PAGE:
Christine Sinclair ends up in Florida during a pandemic but continues to ravage Canada


Under various circumstances, Christine Sinclair finds herself in Florida these days. But while she resists the blockage of COVID-19, her heart remains in Canada.

And the global pandemic is striking near her home for the native of Burnaby, British Columbia. Her mother, who suffers from multiple sclerosis, lives in a Vancouver suburban health facility.

“There is no known case where it is found, so it is positive,” said Sinclair.

The captain of Canada Soccer is particularly grateful to everyone on the front line during the pandemic. But she knows that everyone can do their part.

“For many people, it actually means doing something fairly simple – staying at home. ” she said. “Even as difficult as it is sometimes. I know for myself why I do it and my family does it for people like my mom. These are the vulnerable people in society right now. “

“It’s about saving lives,” she added.

The best international scorer in the world shows her support and appreciation for the Canadian Olympic Committee’s “We are all Team Canada” campaign.

“My family and I are grateful for the heroes who put everything at stake to keep us safe. Now more than ever, “Sinclair tweeted next to a photo of a homemade sign with maple leaves and his two nieces.

“They are all about art and helping,” said Sinclair proudly. “They thought it was quite special. “

Sinclair joins personalities like hockey icon Hayley Wickenheiser, basketball star Kia Nurse, former news anchor Peter Mansbridge, trampoline gymnast Rosie MacLennan and music Arkells by posting motivational messages to iron out the curve and show their appreciation.

“It is time for us to unite and work together even if we are separated,” says the COC, explaining the campaign. “It is time for us to show our support for Canada and all those who make sacrifices to make a difference. “

The COC calls Sinclair “the perfect ambassador for this campaign, given her selfless nature and the enduring qualities she has shown on the soccer field.”

Sinclair, 36, ended up in Florida via Charlie, her Pomeranian dog, whom she had entrusted to a friend while on an international mission with Canada.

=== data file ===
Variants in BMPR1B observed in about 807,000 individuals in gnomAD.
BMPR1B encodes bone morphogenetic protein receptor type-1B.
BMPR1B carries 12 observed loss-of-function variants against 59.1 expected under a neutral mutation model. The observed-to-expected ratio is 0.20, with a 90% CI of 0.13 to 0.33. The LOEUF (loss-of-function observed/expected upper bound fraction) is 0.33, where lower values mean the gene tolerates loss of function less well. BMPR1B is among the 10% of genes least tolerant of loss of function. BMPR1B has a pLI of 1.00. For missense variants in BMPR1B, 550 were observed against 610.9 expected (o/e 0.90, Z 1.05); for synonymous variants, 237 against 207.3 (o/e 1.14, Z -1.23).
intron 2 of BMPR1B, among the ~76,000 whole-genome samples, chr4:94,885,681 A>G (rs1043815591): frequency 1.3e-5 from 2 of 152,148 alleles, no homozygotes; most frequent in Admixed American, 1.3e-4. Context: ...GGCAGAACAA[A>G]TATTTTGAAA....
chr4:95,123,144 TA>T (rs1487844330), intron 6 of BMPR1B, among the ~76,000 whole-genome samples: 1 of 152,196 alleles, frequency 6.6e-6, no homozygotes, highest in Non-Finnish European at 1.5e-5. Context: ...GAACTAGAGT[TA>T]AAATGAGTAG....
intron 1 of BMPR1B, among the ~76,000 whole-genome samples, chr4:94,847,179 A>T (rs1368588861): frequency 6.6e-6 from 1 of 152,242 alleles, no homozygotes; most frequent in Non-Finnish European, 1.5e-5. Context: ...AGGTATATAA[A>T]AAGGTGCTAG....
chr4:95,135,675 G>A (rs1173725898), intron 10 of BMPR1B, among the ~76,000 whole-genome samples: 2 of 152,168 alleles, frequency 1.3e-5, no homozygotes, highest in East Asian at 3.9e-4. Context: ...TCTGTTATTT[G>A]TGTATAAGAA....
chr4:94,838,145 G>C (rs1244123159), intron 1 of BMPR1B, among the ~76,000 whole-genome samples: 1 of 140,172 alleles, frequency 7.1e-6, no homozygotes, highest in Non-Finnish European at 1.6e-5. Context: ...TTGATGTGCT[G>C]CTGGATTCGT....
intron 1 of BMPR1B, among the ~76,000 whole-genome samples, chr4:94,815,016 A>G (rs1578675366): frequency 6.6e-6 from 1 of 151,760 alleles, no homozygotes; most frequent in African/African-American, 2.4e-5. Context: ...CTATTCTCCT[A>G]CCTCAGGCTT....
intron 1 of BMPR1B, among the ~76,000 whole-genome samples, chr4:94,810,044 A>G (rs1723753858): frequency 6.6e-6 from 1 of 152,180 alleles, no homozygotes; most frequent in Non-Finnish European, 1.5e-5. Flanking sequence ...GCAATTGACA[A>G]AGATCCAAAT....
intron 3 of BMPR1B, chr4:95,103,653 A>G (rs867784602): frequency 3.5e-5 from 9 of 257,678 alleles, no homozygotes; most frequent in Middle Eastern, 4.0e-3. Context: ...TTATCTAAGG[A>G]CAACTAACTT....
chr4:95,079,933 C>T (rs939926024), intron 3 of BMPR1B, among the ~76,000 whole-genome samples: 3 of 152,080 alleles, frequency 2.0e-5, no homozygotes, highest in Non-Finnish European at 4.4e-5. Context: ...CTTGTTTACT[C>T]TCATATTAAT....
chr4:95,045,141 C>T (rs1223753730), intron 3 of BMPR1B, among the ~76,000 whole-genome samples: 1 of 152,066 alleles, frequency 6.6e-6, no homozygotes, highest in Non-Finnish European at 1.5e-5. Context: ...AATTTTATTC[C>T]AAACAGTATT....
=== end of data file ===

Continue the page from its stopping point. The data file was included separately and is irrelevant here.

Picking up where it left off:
After playing at the French Tournament from March 4 to 10 in Calais, she returned to Florida to find Charlie and spend a few days in the sun before returning home to Portland, Oregon, where she is captain of the NWSL Thorns.

Because France was a COVID-19 hot spot, it had to isolate itself for 14 days when it landed in North America. Then the pandemic came down.

“I didn’t want to have to travel before I had to. I’m pretty good here, ”said Sinclair. “And you could just see that the NWSL (pre-season) training was going to stop and (the season) was going to be postponed. “

She had not returned to Portland since December due to the CONCACAF Women’s Olympic Qualifying Championship in Texas and California and the tournament in France.

“So I’m in Florida,” she said. “Which is not a bad place, with the weather. It helped a lot … It’s really nice to run in 35 degrees Celsius. “

The Thorns were scheduled to open the season last Saturday against Utah Royals FC with a weekend game in Chicago against the Red Stars.

On Friday, the NWSL extended its moratorium on team training until May 15.

The addition to his goal record is pending at this time. Sinclair has 186 career goals, exceeding the world record of retired American striker Abby Wambach of 184 on January 29 at the CONCACAF Olympic Qualification Tournament.

Having led Canada to consecutive Olympic bronze medals, Sinclair still has his eye on Tokyo despite the postponement of the Games until 2021. When the news of the postponement arrived, his immediate thought was “OK, we have a another year to get better. “

“Because there are gaps in our team right now compared to the best teams in the world,” said Sinclair of his eighth-ranked team. “It just gives us a chance to improve. “

She quickly contacted her Canadian teammates via their discussion group.

“Ideally, we didn’t want to prepare for the Olympics in the apartments or try to find random patches of grass in the cities. It just wasn’t ideal, “she said.

“Yes, I was very proud of the COC for beating the sands the way they did. And I’m also glad that the Olympics were postponed because it was the only thing that made sense. “

Meanwhile, Sinclair trains in the Sunshine State until the NWSL gives the green light to start the preseason.

“It was a strange opportunity to probably get fitter,” she said. “I’m probably more of a runner now after the last six weeks, which isn’t the most fun but I’ve definitely put the work down. “

And three times a week, she participates in video training sessions with the national team under the supervision of strength and conditioning coach Cesar Meylan.

“And then in terms of football, I was kicked out of the fields here in Tampa with Tom Brady,” she said with a laugh, referring to the star quarterback from Tampa Bay who was asked to leave a park closed during off season training.

“But I found a few small patches of grass that looked OK, so I was able to remove bullets and stuff like that. I’m just trying to get the most out of it. “

While not training, Sinclair did a bit of binge eating – like everyone else.

“I am embarrassed to admit that I watched‘ Tiger King, “” she said.

Sinclair also made its way through “Manhunt,” ending the second season overnight.

It’s impressive, she was told. “It’s pathetic,” she replied, laughing.

This report from The Canadian Press was first published on April 24, 2020.

Follow @NeilMDavidson on Twitter


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